NFHS Recommendation To Limit Full-Contact Practices In High School Football Adopted By Most States
Progression to full-contact and off-season limits
Many states have also enacted rules changes establishing a progression up to full-contact in preseason practices, similar to the heat acclimatization schedules integrated into preseason workouts in recent years. In Illinois for example, the Illinois High School Association (IHSA) limits equipment to helmets only during the first two days of practice, helmets and shoulder pads the next three days, with full pads being allowed on the sixth day of the acclimatization period. Similar progressions have also been adopted in Alabama, Minnesota and Kansas, among others.
Interestingly, a recent study by Purdue researchers provides support for such a progression. it found that cerebrovascular reactivity (CVR), a measure of the ability of blood vessels in the brain to dilate to compensate for increased levels of carbon dioxide in the blood, such as occurring during exercise, was significantly reduced in almost all football athletes during the first six weeks of the contact season, findings which the researchers viewed as demonstrating that the onset of subconcussive blows had “at least a transient effect on the brain, but also suggest[ing] that the brain can adapt to [the contact] with an eventual return to baseline.”
The researchers expressed concern that athletes may be at risk of incurring symptomatic injury during period their brains were trying to adapt to contact at the beginning of the season. Noting that. in most states football teams typically switch from limited contact levels prior to the season to two practices a day, at least one of which includes contact, they expressed concern that, based on their findings, “the brain may not be able to adjust quickly to this change, leaving players at increased risk for injury” at the beginning of the football season. They thus suggested that it might be better for teams to increase the amount of contact more gradually to allow players’ brains to adapt so as to reduce the risk of serious injury. This is exactly what the new rules in Illinois, Alabama, Minnesota, and Kansas appear to address.
Another key recommendation from the task force was that each member state association review its policies concerning offseason football. In states such as Ohio and Illinois, there were already rules in place to limit contact during the offseason, with teams prevented from participating in full gear or in full-contact practices. Other states that previously had no restrictions in place for offseason football have begun to adhere to the task force’s guidelines as well.
“The information from the NFHS Concussion Summit was very beneficial as we developed these new policies,” said Kevin Merkle, associate director of the Minnesota State High School League (MSHSL). The MSHSL now limits its coaches to 11 contact days during the summer, with full-contact – “Thud” and “Live Action” – being limited to four of those days.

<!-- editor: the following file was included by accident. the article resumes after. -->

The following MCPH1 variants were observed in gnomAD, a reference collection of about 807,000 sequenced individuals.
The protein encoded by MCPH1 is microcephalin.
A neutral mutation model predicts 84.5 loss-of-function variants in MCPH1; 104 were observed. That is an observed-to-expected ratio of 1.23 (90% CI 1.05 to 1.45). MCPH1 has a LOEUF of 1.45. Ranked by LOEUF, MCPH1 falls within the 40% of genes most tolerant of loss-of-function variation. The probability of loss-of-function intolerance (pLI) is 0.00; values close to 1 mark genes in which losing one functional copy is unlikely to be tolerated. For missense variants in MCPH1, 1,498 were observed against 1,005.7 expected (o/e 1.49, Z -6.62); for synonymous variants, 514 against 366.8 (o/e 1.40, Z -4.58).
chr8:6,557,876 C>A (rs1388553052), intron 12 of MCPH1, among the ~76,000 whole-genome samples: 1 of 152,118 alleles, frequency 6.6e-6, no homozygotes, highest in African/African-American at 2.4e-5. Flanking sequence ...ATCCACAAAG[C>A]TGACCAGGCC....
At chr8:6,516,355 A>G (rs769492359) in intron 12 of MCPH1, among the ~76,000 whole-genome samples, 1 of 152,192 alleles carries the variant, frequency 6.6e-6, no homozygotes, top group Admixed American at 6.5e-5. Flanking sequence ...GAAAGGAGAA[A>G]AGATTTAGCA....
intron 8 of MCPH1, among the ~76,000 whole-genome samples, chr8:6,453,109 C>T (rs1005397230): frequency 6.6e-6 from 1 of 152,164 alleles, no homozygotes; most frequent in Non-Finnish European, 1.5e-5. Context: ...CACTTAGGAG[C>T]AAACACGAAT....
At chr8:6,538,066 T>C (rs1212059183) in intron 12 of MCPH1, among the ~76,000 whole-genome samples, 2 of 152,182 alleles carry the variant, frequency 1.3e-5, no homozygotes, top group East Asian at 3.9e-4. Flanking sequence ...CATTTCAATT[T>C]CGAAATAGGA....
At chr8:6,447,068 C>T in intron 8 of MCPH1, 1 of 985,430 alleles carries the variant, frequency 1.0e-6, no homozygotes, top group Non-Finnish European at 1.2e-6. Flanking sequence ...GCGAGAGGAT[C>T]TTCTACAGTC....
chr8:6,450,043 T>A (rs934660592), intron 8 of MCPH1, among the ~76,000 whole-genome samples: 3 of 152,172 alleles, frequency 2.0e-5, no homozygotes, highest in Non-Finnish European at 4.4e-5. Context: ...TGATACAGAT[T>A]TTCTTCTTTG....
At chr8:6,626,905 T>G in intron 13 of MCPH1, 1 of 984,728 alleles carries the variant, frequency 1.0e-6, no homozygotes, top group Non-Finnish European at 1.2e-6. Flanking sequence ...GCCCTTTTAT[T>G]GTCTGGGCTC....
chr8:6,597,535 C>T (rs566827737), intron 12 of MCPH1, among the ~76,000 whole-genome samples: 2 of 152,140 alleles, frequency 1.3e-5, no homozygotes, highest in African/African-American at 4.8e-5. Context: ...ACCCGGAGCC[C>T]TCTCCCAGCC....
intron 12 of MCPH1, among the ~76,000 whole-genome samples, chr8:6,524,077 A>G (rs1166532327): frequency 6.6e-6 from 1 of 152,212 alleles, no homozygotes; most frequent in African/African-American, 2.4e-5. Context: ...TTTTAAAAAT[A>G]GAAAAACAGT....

Response overwhelmingly positive
Although the new rules in place for the 2016 football season vary among the states, there has been one constant: the overwhelmingly positive response from coaches. Because of the increased focus on student-athlete safety in recent years, there has been little pushback, said Beau Rugg, assistant commissioner and administrator for football at the Ohio High School Athletic Association (OHSAA).
“Our coaches like the new regulations because they understand they help make football safer for our students,” Rugg said. “Some coaches have even responded saying that the new limitations are keeping their teams fresher for the upcoming season.”
Rugg’s feedback in Ohio has been mirrored in Kansas, according to Lentz.
“Our coaches were part of the process to implement these recommendations, so they completely understand why it was time to make some changes,” Lentz said.
As for future changes, there are still a few important topics to be discussed for upcoming seasons. Continuing to emphasize proper tackling and blocking techniques and adjusting to the new rules for targeting and unnecessary contact are chief among them, Merkle says.
“We are making the rules changes a major focus for our game officials, as it is imperative that they call those penalties to keep the game as safe as possible.”
Other recommendations from the NFHS task force involved implementing coach education programs, as well as having a written Concussion Management Protocol and Emergency Action Plan in each school.
“We continue to emphasize the concussion issue with our schools, not just in football but in all sports,” Merkle said. “It is vital that we do our best to provide them with the most recent information.”
“Looking at the big picture going forward, it is all about continuing to change the football culture across the country and minimizing risk for all who participate in the sport,” said Bob Colgate, NFHS director of sports and sports medicine.
For a pdf of the NFHS’s “Recommendations and Guidelines for Minimizing Head Impact Exposure and Concussion Risk in Football” position paper, click here.
Source: National Federation of State High School Associations
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Posted November 12, 2014. Most recently updated August 26, 2016